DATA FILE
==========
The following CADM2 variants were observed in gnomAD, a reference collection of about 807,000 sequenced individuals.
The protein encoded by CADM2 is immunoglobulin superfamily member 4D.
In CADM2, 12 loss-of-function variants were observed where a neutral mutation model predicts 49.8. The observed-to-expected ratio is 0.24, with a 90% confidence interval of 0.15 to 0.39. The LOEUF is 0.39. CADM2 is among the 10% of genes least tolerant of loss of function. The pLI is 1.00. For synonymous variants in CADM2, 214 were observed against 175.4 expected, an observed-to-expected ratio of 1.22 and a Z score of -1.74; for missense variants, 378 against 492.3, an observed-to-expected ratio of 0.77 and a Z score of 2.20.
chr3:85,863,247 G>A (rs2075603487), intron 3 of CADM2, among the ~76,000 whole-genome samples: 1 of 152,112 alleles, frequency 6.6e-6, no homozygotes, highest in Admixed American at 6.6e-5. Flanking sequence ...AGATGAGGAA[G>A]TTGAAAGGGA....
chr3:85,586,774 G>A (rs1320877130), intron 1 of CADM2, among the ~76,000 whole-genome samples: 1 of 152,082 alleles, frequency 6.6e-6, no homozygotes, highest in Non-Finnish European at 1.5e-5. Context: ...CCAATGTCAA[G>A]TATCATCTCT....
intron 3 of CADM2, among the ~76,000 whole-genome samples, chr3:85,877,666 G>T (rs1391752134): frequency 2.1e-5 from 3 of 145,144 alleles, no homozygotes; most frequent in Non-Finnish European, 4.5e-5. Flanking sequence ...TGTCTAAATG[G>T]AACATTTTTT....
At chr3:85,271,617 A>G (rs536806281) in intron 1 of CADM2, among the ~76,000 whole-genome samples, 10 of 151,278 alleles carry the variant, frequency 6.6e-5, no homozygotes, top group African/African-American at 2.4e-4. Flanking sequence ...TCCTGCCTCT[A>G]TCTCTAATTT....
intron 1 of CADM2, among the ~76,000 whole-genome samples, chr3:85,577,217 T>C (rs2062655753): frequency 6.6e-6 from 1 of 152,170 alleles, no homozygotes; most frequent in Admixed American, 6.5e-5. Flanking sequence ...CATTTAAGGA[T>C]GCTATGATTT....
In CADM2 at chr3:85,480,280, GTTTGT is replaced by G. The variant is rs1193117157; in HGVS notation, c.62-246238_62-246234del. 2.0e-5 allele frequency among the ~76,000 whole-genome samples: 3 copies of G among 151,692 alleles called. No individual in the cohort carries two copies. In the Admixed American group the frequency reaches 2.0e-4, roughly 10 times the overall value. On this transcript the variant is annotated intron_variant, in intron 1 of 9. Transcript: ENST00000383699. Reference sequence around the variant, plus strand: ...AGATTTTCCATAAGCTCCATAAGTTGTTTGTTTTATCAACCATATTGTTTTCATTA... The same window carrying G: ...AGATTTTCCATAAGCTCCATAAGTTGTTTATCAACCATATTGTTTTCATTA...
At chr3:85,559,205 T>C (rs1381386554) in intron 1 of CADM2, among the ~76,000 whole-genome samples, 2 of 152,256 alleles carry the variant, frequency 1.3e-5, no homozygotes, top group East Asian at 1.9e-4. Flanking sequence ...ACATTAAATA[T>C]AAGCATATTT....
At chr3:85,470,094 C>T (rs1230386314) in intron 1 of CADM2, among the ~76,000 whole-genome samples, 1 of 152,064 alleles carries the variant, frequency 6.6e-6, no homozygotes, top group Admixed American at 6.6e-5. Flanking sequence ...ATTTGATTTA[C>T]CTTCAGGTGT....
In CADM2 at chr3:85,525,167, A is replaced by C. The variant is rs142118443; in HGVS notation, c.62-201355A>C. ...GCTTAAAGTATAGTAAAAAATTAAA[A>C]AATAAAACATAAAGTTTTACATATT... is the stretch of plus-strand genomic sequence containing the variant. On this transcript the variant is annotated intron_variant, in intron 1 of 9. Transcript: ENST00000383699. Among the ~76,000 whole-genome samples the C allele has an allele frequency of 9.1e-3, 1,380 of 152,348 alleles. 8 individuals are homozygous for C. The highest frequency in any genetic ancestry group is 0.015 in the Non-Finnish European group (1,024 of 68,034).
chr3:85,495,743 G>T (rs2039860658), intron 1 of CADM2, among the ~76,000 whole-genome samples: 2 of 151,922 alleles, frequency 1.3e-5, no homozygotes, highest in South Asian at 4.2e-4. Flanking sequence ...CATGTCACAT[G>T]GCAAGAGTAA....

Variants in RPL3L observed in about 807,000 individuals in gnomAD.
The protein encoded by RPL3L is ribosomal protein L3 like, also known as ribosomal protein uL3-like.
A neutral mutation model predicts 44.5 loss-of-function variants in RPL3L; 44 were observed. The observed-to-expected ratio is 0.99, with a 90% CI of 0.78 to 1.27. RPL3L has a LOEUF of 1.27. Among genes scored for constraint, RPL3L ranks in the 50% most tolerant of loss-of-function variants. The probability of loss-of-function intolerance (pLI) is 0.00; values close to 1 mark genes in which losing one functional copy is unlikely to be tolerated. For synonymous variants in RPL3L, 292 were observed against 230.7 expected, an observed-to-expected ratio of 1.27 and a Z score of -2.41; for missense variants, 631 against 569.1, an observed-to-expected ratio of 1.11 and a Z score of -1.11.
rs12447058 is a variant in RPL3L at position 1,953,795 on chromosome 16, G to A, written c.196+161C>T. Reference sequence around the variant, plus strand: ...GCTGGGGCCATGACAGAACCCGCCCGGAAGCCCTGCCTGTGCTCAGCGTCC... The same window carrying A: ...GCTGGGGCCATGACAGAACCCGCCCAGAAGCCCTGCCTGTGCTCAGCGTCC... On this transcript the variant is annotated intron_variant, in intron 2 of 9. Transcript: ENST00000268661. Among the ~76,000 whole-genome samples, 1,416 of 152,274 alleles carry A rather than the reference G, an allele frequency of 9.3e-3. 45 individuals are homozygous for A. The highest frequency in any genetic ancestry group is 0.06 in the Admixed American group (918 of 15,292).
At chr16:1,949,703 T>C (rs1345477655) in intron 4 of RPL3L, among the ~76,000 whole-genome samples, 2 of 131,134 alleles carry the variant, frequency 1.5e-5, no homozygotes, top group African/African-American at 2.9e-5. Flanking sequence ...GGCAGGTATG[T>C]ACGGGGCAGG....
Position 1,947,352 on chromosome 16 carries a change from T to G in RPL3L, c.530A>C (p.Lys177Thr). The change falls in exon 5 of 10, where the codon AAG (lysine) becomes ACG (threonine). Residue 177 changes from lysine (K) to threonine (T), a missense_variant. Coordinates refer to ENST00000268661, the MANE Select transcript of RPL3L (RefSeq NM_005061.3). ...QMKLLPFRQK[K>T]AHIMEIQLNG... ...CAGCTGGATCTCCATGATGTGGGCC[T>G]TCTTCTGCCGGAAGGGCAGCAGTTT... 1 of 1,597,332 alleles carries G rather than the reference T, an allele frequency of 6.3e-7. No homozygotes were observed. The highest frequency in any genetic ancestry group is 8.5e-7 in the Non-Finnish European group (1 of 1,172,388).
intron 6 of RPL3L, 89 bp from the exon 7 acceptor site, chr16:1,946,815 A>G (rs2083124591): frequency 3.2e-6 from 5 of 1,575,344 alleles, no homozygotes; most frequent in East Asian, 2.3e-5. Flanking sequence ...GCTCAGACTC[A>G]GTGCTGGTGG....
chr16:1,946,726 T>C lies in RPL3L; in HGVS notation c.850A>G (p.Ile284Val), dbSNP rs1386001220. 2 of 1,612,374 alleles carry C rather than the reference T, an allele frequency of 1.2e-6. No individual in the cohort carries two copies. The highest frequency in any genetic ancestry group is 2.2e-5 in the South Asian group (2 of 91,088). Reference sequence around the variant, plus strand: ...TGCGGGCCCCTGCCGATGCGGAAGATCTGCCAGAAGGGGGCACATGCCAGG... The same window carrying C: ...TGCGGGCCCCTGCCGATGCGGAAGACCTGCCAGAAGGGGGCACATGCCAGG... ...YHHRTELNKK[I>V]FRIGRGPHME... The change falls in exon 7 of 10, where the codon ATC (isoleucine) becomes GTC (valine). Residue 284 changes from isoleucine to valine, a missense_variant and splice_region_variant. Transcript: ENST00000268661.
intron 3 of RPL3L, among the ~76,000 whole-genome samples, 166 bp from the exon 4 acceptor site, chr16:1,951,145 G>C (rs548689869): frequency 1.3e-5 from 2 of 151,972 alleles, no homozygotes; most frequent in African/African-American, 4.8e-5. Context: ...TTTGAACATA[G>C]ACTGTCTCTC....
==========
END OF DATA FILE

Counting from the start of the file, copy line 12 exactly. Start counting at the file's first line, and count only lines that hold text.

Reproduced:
In CADM2 at chr3:85,525,167, A is replaced by C. The variant is rs142118443; in HGVS notation, c.62-201355A>C. ...GCTTAAAGTATAGTAAAAAATTAAA[A>C]AATAAAACATAAAGTTTTACATATT... is the stretch of plus-strand genomic sequence containing the variant. On this transcript the variant is annotated intron_variant, in intron 1 of 9. Transcript: ENST00000383699. Among the ~76,000 whole-genome samples the C allele has an allele frequency of 9.1e-3, 1,380 of 152,348 alleles. 8 individuals are homozygous for C. The highest frequency in any genetic ancestry group is 0.015 in the Non-Finnish European group (1,024 of 68,034).